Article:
BBC Correspondent Aleem Maqboul has just completed a ten-day journey — on foot, with a donkey (actually, a series of donkeys) — from Nazareth (in Israel) to Bethlehem (just south of Jerusalem in the occupied West Bank). His intention was to replicate the journey taken by Joseph and Mary some 2008 years ago, as recounted by Luke in the New Testament of the Bible.
Maqboul wrote in his trip diary’s final entry today that “throughout history, change in this part of the world has often come unexpectedly and in dramatic fashion. According to the Bible, a journey here made by a man, a heavily-pregnant woman and a donkey changed the world in an instant. Around two millennia on, their story still impacts on the lives of hundreds of millions of people”. The diary can be read in full on the BBC website here .
He also wrote: “Much of the trip was a reminder that, however obvious this sounds, people in a conflict zone are as three-dimensional as those anywhere else. There were, of course, sad indications of the tensions here. There was the silence of hundreds of people as they buried a 22-year-old militant in the village of Yamoon, after an Israeli army raid”. [n.b. – Maqboul wrote on this killing on 16 December, a day after he started his trip, saying: “On the news of one such raid, on a village close to the border crossing, I decided to take a detour. The raid was over, and the army had gone. They had killed a 22-year-old man, Jihad Nawahda. We were told he was a local leader of the Islamic Jihad militant group and had been wanted by the Israeli army for some time. Funeral prayers had already been carried out, and by the time I arrived, hundreds of men escorted the body to the cemetery for immediate burial, in accordance with Muslim tradition. A few black and yellow Islamic Jihad flags were carried in silence by the mourners”. This killing provoked a large increase in the number of “projectiles” being fired from Gaza onto Israeli territory in the vicinity of the northern Gaza strip. This entry in Maqboul’s trip diary can be found on this page.]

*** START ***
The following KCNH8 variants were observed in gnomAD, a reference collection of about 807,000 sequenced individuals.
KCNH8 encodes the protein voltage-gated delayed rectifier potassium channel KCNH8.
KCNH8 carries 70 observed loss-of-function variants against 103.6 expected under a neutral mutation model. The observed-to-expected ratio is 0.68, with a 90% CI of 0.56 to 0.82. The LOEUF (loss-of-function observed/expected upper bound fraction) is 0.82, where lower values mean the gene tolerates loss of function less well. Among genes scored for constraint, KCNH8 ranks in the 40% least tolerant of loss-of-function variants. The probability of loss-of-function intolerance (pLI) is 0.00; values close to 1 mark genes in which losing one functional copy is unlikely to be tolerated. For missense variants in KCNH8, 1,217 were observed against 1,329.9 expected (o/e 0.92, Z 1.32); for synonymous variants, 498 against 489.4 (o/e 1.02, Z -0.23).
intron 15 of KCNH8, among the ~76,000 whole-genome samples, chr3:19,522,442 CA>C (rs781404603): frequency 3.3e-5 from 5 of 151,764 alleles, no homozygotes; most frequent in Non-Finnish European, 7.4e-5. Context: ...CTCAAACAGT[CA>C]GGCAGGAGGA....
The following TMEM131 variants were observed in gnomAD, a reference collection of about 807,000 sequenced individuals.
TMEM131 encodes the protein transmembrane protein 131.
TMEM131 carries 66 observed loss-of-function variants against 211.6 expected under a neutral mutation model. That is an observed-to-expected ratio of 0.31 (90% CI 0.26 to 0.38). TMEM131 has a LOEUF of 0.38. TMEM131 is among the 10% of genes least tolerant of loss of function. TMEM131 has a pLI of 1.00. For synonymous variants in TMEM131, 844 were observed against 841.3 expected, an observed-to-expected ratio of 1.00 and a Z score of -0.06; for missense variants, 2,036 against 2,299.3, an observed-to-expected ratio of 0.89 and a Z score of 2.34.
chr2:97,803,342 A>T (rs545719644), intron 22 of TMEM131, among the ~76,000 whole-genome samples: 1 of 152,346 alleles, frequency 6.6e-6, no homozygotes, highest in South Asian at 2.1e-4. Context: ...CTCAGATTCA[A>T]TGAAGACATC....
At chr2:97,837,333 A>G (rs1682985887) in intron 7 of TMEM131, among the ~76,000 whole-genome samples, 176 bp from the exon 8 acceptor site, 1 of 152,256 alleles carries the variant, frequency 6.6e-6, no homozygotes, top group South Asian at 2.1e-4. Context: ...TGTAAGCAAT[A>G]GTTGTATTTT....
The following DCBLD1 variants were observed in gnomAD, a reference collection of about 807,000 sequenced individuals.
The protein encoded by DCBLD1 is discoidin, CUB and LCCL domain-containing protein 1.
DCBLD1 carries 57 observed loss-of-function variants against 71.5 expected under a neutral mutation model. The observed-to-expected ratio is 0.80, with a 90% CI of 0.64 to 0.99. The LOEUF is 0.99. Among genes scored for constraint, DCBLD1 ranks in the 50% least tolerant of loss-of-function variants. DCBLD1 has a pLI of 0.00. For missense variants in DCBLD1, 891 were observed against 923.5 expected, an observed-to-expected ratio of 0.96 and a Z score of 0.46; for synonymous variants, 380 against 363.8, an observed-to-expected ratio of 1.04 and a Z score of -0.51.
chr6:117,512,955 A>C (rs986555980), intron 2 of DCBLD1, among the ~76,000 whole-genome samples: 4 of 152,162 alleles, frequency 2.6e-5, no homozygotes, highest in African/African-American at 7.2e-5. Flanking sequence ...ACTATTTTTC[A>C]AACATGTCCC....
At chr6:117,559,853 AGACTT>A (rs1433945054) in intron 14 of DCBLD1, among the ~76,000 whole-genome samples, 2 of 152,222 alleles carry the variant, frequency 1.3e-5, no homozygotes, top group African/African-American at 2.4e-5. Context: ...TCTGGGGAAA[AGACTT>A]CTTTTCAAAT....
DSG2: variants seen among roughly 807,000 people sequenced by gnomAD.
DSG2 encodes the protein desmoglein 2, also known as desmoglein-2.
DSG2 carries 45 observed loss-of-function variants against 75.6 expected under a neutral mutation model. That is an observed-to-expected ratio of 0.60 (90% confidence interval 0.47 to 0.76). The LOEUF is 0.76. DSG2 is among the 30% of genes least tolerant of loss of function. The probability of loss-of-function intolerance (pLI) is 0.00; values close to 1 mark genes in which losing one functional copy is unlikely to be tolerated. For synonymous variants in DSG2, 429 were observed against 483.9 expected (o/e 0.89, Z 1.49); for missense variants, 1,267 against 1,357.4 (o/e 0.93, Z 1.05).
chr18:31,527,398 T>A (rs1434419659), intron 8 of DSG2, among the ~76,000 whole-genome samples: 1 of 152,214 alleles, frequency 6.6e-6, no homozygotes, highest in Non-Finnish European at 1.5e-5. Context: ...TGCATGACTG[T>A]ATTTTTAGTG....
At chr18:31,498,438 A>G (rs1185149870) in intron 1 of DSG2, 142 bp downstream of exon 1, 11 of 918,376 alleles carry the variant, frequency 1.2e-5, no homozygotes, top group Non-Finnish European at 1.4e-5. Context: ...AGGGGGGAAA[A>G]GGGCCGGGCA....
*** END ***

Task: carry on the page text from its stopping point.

His final trip diary entry continued: “A sense of how far apart the worlds of Jewish settlers and Palestinian villagers were, how little interaction there was between the two and how entrenched their views are. And then there was the military checkpoint that greets visitors entering Bethlehem. But people along the way did speak of hope – though not necessarily expectation – that things would get better one day”.
However, on 23 December, Maqboul passed through Ramallah and then Jerusalem on his way, and noted: “Ramallah is the city in which I have lived for more than a year-and-a-half. Amid all the chaos and conflict in other parts of the Palestinian Territories, Ramallah tries hard to cocoon itself. Three Palestinian refugee camps are incorporated into the city; Jewish settlements expand on the hills around it; access to Jerusalem, Bethlehem, or parts of the northern West Bank has become difficult – yet the building work on new apartment blocks all over Ramallah points to the beginnings of economic progress. Socially too, the city has tried to remain resilient. An evening out in any number of fancy restaurants or bars hypnotises the wealthiest of Ramallah’s residents into thinking that all is well in the world. Many Palestinians here, outwardly at least, seem determined not to concern themselves even with the dire humanitarian situation in the Gaza Strip, for example. Underneath, most acknowledge that Ramallah’s future is still incredibly fragile. Approaching the Kalandia checkpoint, through which I needed to pass continue my journey, I noticed a large, new piece of graffiti on the familiar grey … I negotiated the queues, turnstiles and x-ray machines with few hold-ups, and headed through the crossing towards the centre of Jerusalem. I was turned back at a subsequent, smaller, checkpoint [n.b., we know which one that was — the infamous “ar-Ram” checkpoint at Dahiet al-Bariid, and for more details and descriptions see our other posts on this blog], but it was a minor inconvenience as I knew a route around it…”
I don’t know what happened to the comments that I read on the site at an earlier stage of Maqboul’s journey …